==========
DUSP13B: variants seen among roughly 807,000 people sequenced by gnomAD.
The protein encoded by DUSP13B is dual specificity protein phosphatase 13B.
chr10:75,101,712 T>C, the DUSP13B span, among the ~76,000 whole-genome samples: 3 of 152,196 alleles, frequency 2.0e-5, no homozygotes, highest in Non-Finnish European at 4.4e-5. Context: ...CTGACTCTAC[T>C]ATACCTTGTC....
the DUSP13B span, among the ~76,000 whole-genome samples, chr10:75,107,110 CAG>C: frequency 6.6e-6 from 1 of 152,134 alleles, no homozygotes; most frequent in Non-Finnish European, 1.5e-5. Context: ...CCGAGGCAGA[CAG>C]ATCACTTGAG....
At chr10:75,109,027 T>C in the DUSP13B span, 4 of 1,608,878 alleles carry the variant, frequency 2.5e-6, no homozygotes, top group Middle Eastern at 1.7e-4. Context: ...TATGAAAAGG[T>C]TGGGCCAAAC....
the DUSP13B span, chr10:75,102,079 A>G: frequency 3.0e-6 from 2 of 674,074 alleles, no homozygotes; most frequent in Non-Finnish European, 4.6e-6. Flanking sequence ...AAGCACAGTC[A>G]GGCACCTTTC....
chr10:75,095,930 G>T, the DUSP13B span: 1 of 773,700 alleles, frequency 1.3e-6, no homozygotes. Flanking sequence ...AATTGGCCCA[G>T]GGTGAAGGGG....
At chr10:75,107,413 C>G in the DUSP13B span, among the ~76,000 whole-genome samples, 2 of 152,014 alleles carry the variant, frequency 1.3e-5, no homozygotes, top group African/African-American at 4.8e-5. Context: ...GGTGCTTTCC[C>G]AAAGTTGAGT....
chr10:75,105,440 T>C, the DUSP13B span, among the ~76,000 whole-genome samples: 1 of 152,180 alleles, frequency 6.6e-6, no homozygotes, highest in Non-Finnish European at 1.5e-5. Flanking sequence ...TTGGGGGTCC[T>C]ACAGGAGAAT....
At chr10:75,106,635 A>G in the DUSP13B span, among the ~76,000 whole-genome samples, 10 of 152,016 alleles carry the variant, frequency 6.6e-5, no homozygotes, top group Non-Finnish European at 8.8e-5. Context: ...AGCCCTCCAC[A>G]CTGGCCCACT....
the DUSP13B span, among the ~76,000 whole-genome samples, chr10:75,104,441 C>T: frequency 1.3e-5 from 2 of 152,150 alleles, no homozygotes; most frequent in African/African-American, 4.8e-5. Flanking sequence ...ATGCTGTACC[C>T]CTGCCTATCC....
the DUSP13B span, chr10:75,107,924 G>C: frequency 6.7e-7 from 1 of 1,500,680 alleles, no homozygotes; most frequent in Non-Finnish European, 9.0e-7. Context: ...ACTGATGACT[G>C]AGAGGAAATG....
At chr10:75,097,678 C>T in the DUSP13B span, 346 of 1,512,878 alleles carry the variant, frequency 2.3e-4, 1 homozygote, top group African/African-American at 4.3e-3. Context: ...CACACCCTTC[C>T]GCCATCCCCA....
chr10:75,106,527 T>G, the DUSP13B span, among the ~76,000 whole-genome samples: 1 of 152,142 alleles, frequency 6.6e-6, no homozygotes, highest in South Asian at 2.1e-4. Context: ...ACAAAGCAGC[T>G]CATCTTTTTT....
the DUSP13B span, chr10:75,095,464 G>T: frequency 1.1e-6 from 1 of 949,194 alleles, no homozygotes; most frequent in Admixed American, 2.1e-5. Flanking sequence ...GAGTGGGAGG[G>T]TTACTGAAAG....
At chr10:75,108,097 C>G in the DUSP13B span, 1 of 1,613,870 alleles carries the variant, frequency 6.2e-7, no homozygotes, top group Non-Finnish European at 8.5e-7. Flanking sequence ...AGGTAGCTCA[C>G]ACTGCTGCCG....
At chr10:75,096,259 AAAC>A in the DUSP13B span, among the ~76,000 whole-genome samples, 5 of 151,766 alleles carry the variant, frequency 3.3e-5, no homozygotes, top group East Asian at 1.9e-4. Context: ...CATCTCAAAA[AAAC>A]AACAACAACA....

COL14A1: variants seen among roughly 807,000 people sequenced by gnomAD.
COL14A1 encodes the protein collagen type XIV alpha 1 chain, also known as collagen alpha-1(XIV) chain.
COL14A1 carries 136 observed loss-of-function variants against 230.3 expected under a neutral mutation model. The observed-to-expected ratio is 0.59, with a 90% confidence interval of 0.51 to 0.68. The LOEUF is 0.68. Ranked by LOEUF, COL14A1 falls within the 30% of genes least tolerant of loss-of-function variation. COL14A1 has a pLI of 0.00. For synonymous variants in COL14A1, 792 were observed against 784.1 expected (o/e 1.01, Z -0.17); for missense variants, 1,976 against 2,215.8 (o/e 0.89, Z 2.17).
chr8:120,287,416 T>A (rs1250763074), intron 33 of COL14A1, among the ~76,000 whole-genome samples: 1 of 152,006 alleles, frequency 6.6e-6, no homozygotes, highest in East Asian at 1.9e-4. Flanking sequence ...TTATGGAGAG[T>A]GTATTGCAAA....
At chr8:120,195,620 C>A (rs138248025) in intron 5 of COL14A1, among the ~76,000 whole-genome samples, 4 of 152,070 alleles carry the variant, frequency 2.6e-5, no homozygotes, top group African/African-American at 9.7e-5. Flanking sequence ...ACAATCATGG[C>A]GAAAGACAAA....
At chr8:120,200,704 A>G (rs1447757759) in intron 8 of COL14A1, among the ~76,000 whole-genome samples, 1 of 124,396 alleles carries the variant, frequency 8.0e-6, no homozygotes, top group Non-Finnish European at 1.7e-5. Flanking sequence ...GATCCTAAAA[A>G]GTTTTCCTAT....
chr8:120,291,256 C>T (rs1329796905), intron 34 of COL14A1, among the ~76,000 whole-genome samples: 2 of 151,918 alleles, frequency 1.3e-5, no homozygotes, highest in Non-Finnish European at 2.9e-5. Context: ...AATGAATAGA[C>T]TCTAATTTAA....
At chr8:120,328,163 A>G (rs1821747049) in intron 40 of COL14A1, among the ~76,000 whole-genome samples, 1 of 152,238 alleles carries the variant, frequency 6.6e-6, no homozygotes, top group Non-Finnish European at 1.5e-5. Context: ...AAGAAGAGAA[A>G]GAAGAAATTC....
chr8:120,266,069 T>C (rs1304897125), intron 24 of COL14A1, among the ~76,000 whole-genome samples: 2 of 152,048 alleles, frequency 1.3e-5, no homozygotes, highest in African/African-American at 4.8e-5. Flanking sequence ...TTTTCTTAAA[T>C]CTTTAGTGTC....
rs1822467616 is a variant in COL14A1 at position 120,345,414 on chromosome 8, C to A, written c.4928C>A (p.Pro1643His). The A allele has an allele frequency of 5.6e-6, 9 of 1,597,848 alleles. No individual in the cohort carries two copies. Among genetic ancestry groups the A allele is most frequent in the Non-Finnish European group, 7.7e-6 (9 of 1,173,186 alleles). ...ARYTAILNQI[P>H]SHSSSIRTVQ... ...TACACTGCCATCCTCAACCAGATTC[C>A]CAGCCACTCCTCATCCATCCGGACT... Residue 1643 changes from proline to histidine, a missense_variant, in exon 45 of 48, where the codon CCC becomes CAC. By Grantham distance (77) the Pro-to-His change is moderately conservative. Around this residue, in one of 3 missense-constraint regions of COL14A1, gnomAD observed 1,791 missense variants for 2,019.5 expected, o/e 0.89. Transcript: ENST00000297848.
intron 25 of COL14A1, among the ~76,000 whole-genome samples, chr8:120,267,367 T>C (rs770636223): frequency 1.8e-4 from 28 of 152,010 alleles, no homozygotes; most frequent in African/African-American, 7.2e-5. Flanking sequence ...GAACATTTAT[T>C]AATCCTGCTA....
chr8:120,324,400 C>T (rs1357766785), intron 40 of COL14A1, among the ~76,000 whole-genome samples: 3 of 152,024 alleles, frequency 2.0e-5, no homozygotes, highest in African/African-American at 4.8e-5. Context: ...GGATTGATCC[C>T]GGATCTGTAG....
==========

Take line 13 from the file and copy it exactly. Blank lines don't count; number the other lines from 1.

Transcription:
At chr10:75,097,678 C>T in the DUSP13B span, 346 of 1,512,878 alleles carry the variant, frequency 2.3e-4, 1 homozygote, top group African/African-American at 4.3e-3. Context: ...CACACCCTTC[C>T]GCCATCCCCA....